The San Pedro River flows north from the Mexican border near Sierra Vista, Arizona, to the Gila River north of Tucson. As a source of water, it was invaluable to both native peoples and white settlers alike. Many settlements sprang up in the San Pedro Valley, especially after silver was discovered in the nearby foothills. Prospectors flocked to the area. Today, much of the area is protected in the San Pedro Riparian National Conservation Area, and ruins of once-prosperous settlements can be found in the surrounding desert.
In 1858-59, T.F. White and Fredrick Brunckow sought their fortunes in the hills near the San Pedro River. They struck a claim roughly eight miles southwest of Tombstone. Brunckow brought several men with him, including John Moss (Morse), David Brontrager, and James and William Williams. He built a small adobe cabin and supply shelter and hired Mexican laborers to dig the mine.
In July 1860, William Williams went to Fort Buchanan to purchase supplies. When he returned, he discovered most of his companions, including Brunckow, were brutally murdered. The Mexican laborers fled with whatever supplies and equipment they could get their hands on. According to Joshua Hawley, author of Tombstone’s Most Haunted, as many as 22 deaths have been reported in or near the cabin.
Located off State Route 82 along the San Pedro River in Cochise County, Arizona, Fairbank grew up around the nearest rail stop to Tombstone and was first settled in 1881. It was originally known as Junction City and then Kendall, before residents finally decided on Fairbank in 1883.
The old Fairbank Cemetery is located about a half mile up a trail and is heavily vandalized. Only a few of the original graves remain, marked by piles of stones, wooden crosses, and iron fencing.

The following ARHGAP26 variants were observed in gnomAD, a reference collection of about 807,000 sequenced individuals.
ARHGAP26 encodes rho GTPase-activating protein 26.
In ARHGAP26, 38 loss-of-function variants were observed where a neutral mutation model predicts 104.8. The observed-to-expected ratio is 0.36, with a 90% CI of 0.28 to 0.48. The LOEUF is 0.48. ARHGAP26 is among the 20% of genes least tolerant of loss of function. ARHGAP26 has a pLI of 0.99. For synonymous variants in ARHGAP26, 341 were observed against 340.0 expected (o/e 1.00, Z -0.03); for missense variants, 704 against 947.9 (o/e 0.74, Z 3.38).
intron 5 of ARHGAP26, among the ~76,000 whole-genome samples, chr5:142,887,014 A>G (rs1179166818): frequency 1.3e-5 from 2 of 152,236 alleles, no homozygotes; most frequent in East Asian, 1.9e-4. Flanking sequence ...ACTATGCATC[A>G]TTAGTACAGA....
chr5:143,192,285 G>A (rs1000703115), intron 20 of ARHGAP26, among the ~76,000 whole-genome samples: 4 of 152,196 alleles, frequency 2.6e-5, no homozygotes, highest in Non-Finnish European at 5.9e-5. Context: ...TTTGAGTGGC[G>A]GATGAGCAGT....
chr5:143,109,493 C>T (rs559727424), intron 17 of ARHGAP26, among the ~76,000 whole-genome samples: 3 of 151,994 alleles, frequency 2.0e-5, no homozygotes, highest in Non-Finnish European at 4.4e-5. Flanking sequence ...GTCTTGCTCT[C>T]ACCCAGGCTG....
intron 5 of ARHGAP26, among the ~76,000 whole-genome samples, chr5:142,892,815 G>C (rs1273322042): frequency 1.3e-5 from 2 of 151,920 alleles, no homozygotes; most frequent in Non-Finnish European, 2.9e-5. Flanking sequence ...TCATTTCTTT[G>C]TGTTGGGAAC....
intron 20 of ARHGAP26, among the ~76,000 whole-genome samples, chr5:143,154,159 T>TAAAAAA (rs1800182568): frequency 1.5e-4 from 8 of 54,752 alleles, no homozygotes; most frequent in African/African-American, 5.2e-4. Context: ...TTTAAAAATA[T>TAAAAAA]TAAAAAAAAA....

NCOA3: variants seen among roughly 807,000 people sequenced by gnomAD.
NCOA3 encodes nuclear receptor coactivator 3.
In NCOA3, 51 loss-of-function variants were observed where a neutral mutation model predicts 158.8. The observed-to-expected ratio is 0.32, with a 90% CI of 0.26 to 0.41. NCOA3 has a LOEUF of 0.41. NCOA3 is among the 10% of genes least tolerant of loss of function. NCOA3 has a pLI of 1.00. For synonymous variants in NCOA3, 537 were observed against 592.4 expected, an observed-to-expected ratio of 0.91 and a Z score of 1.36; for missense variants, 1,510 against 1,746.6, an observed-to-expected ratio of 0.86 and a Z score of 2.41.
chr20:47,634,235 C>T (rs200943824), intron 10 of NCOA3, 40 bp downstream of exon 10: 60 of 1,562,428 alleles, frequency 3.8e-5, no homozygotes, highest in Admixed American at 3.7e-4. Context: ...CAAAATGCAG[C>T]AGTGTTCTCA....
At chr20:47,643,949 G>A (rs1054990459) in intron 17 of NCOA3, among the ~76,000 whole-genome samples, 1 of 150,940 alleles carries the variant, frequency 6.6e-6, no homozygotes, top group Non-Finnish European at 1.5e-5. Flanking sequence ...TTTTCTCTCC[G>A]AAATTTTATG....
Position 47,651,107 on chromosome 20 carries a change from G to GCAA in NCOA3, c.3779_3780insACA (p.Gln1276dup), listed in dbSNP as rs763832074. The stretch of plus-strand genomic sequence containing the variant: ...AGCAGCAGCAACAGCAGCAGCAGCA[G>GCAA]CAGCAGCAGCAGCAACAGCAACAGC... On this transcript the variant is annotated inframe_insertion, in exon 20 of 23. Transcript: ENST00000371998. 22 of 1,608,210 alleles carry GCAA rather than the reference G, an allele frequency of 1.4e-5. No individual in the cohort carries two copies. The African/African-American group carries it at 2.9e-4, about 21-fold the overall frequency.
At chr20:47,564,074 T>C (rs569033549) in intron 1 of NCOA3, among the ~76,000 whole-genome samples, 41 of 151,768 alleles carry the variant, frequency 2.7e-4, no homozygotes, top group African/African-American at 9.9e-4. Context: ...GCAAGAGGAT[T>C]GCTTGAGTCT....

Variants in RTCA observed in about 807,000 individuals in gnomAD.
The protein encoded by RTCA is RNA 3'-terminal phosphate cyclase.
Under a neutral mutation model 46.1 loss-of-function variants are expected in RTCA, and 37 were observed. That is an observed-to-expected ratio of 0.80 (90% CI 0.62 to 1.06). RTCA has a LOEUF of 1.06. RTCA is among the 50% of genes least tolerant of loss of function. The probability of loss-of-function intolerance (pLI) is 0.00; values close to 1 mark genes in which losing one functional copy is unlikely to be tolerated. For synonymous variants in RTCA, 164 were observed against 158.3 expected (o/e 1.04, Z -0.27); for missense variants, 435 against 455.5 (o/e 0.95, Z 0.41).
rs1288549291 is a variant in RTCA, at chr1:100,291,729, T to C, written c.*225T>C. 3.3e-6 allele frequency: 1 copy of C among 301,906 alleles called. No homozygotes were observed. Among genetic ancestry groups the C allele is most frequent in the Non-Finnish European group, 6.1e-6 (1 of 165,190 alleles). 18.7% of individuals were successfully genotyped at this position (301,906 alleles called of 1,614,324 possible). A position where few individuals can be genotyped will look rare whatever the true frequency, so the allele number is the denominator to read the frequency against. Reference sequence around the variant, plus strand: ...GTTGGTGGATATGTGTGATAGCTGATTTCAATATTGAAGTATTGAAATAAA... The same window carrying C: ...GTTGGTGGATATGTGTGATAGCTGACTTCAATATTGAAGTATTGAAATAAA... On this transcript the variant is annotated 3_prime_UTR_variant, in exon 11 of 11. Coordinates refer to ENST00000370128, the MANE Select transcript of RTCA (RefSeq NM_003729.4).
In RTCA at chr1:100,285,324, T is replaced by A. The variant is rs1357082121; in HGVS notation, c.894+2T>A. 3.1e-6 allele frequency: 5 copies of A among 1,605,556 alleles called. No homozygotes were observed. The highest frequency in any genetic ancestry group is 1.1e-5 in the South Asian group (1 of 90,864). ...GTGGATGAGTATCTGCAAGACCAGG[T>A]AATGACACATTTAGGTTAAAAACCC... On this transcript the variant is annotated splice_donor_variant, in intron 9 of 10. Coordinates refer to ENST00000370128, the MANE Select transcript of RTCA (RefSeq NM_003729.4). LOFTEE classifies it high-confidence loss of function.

At one time, Fairbank was a hub of activity along the San Pedro River. Children came from all around to attend its one room schoolhouse. It was never a large town, having only 100 residents at its peak. The town began to die in the early 20th Century, and by 1970 only a small gas station remained.
Today, the remains of Fairbank have benefited from tourist activity and a few of the original buildings have been preserved. The Bureau of Land Management maintains a small store and museum in the old schoolhouse.
In their heyday, Millville and Charleston had a lawless reputation. Located on opposite sides of the San Pedro River, about nine miles southwest of Tombstone, the twin towns were home to some of the Wild West’s most notorious figures.
At its peak, Charleston was home to nearly 400 people. It had a post office, four restaurants, a school, a church, a drugstore, two blacksmiths, two livery stables, two butcher shops, two bakeries, a hotel, five general stores, a jewelry shop, a brickyard, a brewery, and at least four saloons. It was mainly home to men who worked across the river at the silver mills in Millville.
When the mines dried up, the people moved on. During WW2, the 93rd Infantry Division, which was stationed at Fort Huachuca, used the ruins of Charleston as a training ground nick-named “Little Tunisia.” They used live ammunition during many of the exercises, which heavily damaged the adobe buildings. Erosion from the San Pedro River causes more damage, until very little remained of the once thriving community.